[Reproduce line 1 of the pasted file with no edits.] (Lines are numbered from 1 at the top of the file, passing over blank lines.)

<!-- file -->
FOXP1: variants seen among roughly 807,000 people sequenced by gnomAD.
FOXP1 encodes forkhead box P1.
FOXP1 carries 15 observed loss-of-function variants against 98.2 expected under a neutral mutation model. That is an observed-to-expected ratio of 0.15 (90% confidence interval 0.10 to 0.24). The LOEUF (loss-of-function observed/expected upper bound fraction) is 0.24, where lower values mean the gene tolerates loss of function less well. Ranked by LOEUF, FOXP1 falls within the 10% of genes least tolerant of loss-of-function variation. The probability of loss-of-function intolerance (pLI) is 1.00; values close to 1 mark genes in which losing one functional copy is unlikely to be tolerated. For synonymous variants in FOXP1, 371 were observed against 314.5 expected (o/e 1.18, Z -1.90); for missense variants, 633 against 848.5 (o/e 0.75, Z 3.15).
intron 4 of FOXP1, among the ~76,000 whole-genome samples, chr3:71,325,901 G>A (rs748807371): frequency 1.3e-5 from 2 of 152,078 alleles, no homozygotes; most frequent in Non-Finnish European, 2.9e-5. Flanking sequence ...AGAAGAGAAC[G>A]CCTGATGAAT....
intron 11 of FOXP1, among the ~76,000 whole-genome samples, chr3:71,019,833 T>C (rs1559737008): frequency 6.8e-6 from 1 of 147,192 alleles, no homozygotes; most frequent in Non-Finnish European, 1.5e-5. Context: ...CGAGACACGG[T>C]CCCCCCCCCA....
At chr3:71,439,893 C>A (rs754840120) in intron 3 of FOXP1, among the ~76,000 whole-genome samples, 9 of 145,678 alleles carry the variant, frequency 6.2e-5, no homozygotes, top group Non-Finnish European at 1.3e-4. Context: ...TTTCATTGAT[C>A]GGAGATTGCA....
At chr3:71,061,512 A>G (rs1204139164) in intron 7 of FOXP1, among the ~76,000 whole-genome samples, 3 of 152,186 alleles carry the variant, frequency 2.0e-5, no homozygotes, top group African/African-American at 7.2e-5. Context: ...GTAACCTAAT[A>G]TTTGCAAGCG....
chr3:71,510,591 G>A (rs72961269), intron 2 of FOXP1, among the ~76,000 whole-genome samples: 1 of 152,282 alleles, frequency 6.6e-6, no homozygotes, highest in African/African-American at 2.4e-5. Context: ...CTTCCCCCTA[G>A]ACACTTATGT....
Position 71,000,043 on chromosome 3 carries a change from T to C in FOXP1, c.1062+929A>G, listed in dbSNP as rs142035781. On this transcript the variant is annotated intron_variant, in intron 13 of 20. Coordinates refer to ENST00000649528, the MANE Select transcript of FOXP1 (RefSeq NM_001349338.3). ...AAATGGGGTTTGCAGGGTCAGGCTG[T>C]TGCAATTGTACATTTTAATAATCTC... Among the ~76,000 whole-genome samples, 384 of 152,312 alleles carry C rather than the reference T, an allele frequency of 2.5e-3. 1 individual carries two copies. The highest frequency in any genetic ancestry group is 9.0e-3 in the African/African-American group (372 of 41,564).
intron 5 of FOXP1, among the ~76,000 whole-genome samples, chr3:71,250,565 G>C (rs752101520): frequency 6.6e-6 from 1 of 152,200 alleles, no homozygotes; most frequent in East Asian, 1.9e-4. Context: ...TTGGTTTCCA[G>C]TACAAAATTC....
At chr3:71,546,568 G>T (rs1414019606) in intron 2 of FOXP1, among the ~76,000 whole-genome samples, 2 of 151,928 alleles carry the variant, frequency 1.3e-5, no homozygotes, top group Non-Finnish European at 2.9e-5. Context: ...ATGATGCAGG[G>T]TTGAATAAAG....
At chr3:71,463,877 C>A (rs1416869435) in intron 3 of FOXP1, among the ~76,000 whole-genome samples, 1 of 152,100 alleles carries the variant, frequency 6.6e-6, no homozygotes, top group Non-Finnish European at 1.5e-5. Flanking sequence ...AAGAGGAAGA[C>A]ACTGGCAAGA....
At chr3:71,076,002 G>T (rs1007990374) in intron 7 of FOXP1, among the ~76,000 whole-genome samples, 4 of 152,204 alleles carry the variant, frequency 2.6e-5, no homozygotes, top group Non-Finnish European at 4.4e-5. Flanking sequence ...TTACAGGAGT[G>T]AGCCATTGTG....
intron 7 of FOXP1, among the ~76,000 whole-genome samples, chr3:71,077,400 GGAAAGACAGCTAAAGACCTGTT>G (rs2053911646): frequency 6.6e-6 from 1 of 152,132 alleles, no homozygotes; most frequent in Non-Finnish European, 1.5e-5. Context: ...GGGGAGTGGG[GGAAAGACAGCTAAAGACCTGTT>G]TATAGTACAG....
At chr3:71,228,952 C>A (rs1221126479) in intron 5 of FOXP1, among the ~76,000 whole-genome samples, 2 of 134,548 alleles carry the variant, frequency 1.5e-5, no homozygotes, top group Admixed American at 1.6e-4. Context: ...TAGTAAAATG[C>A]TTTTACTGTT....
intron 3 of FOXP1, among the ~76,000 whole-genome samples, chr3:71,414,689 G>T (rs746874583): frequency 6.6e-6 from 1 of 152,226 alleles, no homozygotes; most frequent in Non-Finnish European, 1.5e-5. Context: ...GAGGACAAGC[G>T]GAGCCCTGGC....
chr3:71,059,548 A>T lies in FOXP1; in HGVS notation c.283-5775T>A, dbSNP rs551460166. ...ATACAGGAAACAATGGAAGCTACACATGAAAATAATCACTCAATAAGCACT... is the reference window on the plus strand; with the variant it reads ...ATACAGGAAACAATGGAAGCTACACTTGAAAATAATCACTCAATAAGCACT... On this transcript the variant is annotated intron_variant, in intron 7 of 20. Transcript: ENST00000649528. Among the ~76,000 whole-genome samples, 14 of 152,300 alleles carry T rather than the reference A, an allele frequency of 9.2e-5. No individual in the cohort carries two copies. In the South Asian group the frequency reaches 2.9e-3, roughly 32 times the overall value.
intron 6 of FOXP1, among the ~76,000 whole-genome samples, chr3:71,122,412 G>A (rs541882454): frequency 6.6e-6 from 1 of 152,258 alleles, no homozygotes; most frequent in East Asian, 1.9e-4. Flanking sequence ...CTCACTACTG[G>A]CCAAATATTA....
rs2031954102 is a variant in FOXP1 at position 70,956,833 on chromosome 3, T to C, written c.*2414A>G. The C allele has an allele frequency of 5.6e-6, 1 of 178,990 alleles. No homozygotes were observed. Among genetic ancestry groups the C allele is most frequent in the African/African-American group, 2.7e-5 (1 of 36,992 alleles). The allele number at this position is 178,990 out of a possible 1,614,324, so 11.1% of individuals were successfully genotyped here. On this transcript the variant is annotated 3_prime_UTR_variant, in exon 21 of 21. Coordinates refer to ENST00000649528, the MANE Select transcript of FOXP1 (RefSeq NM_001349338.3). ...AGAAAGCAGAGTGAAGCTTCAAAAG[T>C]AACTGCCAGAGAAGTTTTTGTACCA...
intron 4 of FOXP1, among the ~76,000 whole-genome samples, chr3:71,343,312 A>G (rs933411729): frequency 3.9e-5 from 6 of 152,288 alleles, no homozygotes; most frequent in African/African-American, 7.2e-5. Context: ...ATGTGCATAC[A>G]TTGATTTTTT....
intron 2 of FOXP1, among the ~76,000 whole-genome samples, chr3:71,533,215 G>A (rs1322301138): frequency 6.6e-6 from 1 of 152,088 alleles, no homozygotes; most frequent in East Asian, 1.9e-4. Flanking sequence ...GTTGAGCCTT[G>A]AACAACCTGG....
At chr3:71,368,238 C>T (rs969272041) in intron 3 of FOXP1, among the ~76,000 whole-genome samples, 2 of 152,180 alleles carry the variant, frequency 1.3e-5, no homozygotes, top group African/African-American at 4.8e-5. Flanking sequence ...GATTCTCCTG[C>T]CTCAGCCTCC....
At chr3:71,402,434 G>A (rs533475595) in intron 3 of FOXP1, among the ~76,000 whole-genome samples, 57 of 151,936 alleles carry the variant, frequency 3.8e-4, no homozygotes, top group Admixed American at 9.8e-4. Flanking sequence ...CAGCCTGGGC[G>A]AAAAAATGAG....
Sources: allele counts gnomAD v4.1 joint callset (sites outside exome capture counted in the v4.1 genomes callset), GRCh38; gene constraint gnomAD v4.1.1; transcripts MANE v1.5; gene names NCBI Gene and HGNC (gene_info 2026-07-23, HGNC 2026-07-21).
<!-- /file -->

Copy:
FOXP1: variants seen among roughly 807,000 people sequenced by gnomAD.